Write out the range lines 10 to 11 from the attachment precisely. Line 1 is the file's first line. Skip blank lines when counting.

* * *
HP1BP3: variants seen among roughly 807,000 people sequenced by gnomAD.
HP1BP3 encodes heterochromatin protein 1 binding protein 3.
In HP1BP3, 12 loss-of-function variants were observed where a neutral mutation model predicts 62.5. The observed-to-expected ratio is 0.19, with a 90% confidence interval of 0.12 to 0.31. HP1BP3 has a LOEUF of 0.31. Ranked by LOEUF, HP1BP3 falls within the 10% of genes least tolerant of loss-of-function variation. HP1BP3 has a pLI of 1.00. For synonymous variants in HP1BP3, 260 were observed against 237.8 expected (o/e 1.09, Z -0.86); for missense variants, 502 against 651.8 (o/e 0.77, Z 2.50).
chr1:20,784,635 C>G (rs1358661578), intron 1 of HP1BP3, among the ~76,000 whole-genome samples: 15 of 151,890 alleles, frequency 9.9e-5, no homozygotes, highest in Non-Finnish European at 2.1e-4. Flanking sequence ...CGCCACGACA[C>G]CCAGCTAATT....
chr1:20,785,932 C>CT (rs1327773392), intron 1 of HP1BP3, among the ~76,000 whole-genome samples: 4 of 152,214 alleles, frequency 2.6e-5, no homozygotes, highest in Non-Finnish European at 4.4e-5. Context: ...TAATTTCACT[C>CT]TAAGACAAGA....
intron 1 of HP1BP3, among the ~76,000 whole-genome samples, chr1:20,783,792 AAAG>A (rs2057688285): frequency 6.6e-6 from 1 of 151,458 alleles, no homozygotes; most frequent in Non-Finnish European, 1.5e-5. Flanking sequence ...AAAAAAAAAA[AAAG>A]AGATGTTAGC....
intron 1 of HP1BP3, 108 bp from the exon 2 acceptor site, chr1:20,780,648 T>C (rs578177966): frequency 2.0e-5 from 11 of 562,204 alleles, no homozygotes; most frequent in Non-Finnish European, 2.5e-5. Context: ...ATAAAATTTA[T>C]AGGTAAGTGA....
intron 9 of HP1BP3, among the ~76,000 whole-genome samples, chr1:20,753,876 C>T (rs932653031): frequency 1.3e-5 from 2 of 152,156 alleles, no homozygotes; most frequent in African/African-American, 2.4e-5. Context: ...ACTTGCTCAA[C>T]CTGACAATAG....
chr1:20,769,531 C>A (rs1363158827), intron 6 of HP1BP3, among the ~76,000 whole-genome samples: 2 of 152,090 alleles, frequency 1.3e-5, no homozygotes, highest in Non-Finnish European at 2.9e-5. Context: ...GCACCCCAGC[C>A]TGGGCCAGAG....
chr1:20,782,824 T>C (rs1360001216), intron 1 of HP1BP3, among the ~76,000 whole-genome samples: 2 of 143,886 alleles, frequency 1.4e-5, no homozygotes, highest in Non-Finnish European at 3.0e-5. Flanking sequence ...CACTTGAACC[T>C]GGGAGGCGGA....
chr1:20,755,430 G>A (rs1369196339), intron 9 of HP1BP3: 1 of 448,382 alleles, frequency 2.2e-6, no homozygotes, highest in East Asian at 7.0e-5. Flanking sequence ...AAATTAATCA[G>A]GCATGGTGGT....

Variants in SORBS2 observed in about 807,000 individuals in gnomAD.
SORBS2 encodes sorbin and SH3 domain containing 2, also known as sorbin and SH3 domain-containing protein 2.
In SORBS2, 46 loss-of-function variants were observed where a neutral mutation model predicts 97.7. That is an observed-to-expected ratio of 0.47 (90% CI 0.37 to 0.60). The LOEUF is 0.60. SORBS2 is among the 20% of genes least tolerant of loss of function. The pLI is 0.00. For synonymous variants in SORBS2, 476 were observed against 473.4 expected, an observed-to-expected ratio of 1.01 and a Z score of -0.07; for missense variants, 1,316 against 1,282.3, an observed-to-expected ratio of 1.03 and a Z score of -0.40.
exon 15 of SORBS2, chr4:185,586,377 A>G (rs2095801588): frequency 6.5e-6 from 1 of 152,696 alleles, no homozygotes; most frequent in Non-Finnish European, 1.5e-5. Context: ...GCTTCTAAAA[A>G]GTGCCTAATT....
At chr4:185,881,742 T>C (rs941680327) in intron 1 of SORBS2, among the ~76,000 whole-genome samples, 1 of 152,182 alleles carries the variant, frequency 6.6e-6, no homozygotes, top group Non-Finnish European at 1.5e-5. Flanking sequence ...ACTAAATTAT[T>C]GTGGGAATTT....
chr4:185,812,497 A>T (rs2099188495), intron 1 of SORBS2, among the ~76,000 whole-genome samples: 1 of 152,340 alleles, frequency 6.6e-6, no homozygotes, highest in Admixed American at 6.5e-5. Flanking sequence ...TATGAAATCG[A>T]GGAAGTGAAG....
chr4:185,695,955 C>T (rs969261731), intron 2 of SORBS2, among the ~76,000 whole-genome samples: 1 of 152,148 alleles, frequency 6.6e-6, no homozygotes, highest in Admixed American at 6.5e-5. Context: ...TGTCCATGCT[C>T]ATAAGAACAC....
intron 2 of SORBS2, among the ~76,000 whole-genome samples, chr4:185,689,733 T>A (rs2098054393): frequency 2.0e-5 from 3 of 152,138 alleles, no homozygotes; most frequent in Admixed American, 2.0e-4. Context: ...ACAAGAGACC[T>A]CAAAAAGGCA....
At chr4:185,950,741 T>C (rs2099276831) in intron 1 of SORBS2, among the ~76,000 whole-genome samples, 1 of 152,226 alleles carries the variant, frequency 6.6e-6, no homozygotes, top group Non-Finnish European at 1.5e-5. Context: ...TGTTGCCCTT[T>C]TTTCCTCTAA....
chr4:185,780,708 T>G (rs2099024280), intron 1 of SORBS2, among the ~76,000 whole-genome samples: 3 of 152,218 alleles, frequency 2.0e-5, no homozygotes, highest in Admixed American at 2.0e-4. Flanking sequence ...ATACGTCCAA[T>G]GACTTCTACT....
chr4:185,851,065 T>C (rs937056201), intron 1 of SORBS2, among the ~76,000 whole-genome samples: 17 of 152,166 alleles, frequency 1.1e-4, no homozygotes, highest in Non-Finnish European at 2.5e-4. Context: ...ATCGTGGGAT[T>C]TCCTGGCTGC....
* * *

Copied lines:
chr1:20,782,824 T>C (rs1360001216), intron 1 of HP1BP3, among the ~76,000 whole-genome samples: 2 of 143,886 alleles, frequency 1.4e-5, no homozygotes, highest in Non-Finnish European at 3.0e-5. Flanking sequence ...CACTTGAACC[T>C]GGGAGGCGGA....
chr1:20,755,430 G>A (rs1369196339), intron 9 of HP1BP3: 1 of 448,382 alleles, frequency 2.2e-6, no homozygotes, highest in East Asian at 7.0e-5. Flanking sequence ...AAATTAATCA[G>A]GCATGGTGGT....